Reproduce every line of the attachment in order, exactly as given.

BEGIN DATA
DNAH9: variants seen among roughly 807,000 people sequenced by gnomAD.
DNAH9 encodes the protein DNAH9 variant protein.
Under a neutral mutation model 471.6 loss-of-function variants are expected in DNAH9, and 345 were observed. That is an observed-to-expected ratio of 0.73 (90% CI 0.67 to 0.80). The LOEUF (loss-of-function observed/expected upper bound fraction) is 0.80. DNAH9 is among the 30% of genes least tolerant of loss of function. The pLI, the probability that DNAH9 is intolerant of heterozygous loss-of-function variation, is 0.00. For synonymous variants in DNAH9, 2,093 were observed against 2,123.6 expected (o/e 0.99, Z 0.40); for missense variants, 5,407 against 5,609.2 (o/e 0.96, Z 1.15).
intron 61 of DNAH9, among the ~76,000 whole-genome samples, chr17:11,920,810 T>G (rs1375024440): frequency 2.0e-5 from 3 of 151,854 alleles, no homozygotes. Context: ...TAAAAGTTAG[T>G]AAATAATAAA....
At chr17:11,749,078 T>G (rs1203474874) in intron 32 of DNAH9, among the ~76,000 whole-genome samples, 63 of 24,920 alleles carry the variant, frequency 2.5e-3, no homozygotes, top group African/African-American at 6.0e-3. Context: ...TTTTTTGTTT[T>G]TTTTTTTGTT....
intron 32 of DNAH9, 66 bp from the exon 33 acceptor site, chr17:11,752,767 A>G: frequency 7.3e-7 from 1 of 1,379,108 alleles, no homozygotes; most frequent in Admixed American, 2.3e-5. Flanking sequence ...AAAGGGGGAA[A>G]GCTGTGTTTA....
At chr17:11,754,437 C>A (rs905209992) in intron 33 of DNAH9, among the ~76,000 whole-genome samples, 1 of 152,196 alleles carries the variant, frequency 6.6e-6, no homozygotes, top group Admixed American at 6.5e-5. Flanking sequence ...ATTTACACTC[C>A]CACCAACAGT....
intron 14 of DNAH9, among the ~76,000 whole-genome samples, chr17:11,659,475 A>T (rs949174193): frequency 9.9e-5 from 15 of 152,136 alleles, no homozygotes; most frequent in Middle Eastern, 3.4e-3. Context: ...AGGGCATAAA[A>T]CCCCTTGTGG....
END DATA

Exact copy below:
DNAH9: variants seen among roughly 807,000 people sequenced by gnomAD.
DNAH9 encodes the protein DNAH9 variant protein.
Under a neutral mutation model 471.6 loss-of-function variants are expected in DNAH9, and 345 were observed. That is an observed-to-expected ratio of 0.73 (90% CI 0.67 to 0.80). The LOEUF (loss-of-function observed/expected upper bound fraction) is 0.80. DNAH9 is among the 30% of genes least tolerant of loss of function. The pLI, the probability that DNAH9 is intolerant of heterozygous loss-of-function variation, is 0.00. For synonymous variants in DNAH9, 2,093 were observed against 2,123.6 expected (o/e 0.99, Z 0.40); for missense variants, 5,407 against 5,609.2 (o/e 0.96, Z 1.15).
intron 61 of DNAH9, among the ~76,000 whole-genome samples, chr17:11,920,810 T>G (rs1375024440): frequency 2.0e-5 from 3 of 151,854 alleles, no homozygotes. Context: ...TAAAAGTTAG[T>G]AAATAATAAA....
At chr17:11,749,078 T>G (rs1203474874) in intron 32 of DNAH9, among the ~76,000 whole-genome samples, 63 of 24,920 alleles carry the variant, frequency 2.5e-3, no homozygotes, top group African/African-American at 6.0e-3. Context: ...TTTTTTGTTT[T>G]TTTTTTTGTT....
intron 32 of DNAH9, 66 bp from the exon 33 acceptor site, chr17:11,752,767 A>G: frequency 7.3e-7 from 1 of 1,379,108 alleles, no homozygotes; most frequent in Admixed American, 2.3e-5. Flanking sequence ...AAAGGGGGAA[A>G]GCTGTGTTTA....
At chr17:11,754,437 C>A (rs905209992) in intron 33 of DNAH9, among the ~76,000 whole-genome samples, 1 of 152,196 alleles carries the variant, frequency 6.6e-6, no homozygotes, top group Admixed American at 6.5e-5. Flanking sequence ...ATTTACACTC[C>A]CACCAACAGT....
intron 14 of DNAH9, among the ~76,000 whole-genome samples, chr17:11,659,475 A>T (rs949174193): frequency 9.9e-5 from 15 of 152,136 alleles, no homozygotes; most frequent in Middle Eastern, 3.4e-3. Context: ...AGGGCATAAA[A>T]CCCCTTGTGG....